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Film star Burt (short for Burton) Lancaster was born in 1913 in Manhattan to a working-class family of Irish Protestants. Athletic, he took up gymnastics and basketball in school. He gained an athletic scholarship to NYU. But he dropped out and instead formed a circus act, capitalising on his acrobatic skills in the 1930s.
Soon, the Second World War overtook the world and he entertained the troops with the USO.
Afterwards, he broke into Hollywood, spotted in a Broadway show that only ran three weeks. His first movie was The Killers (1946). He and his co-star Ava Gardner became fully fledged Hollywood stars. He became known as the leading man and starred in such classics as From Here to Eternity (1953).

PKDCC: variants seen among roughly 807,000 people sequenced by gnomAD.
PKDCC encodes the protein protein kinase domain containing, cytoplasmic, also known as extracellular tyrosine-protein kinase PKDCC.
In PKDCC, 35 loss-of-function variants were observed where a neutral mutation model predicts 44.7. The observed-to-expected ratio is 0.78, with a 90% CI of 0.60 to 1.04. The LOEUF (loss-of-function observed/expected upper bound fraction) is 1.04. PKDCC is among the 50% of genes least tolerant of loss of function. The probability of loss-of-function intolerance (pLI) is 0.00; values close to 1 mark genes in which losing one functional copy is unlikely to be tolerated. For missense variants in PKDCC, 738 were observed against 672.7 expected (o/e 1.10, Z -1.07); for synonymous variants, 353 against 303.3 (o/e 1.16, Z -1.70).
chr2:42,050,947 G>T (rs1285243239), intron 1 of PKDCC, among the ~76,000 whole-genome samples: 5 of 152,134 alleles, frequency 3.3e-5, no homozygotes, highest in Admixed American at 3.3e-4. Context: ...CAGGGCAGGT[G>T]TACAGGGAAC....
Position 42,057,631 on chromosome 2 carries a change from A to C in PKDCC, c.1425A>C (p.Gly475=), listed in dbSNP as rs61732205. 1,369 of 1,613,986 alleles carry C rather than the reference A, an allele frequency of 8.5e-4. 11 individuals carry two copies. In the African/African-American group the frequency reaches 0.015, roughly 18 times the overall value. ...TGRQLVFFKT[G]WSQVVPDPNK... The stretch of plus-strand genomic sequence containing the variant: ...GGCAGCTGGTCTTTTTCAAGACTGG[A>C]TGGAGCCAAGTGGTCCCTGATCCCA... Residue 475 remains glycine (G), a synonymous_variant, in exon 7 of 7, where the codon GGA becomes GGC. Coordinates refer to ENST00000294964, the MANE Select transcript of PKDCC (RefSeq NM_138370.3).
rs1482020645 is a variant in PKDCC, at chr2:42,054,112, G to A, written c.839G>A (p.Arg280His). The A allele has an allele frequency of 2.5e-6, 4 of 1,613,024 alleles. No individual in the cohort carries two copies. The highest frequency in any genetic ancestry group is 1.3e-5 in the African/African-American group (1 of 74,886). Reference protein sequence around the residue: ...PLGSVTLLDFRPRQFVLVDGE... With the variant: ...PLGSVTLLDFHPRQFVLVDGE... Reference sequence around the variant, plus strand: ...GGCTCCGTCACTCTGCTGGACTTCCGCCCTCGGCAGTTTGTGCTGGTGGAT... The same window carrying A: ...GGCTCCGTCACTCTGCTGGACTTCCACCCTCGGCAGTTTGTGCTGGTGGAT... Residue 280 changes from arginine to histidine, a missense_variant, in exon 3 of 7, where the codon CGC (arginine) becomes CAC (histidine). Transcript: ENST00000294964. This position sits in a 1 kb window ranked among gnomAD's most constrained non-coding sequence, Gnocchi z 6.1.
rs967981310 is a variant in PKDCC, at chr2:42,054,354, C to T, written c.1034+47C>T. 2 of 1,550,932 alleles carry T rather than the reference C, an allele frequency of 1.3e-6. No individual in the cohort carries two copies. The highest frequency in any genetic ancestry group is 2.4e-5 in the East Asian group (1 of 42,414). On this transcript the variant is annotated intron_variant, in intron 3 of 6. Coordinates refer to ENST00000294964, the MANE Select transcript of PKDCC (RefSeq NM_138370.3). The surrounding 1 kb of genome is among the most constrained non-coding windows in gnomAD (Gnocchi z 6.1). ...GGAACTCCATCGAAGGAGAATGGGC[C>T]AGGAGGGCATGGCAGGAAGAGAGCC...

"They were fun days,” he said, “and we set the town on fire with every movie we did."
Burt won an Oscar for Elmer Gantry in 1960, a film about a grifter pretending to be an evangelist preacher. During his career, he won many other film awards for his acting.
He continued acting into the 1970s and 80s with high-grossing blockbusters like Airport (1970). But he suffered ill-health for the last few years of his life.
Burt died in 1994 of a heart attack. He requested no memorial or funeral service. But he is remembered as one of the greatest actors of his age.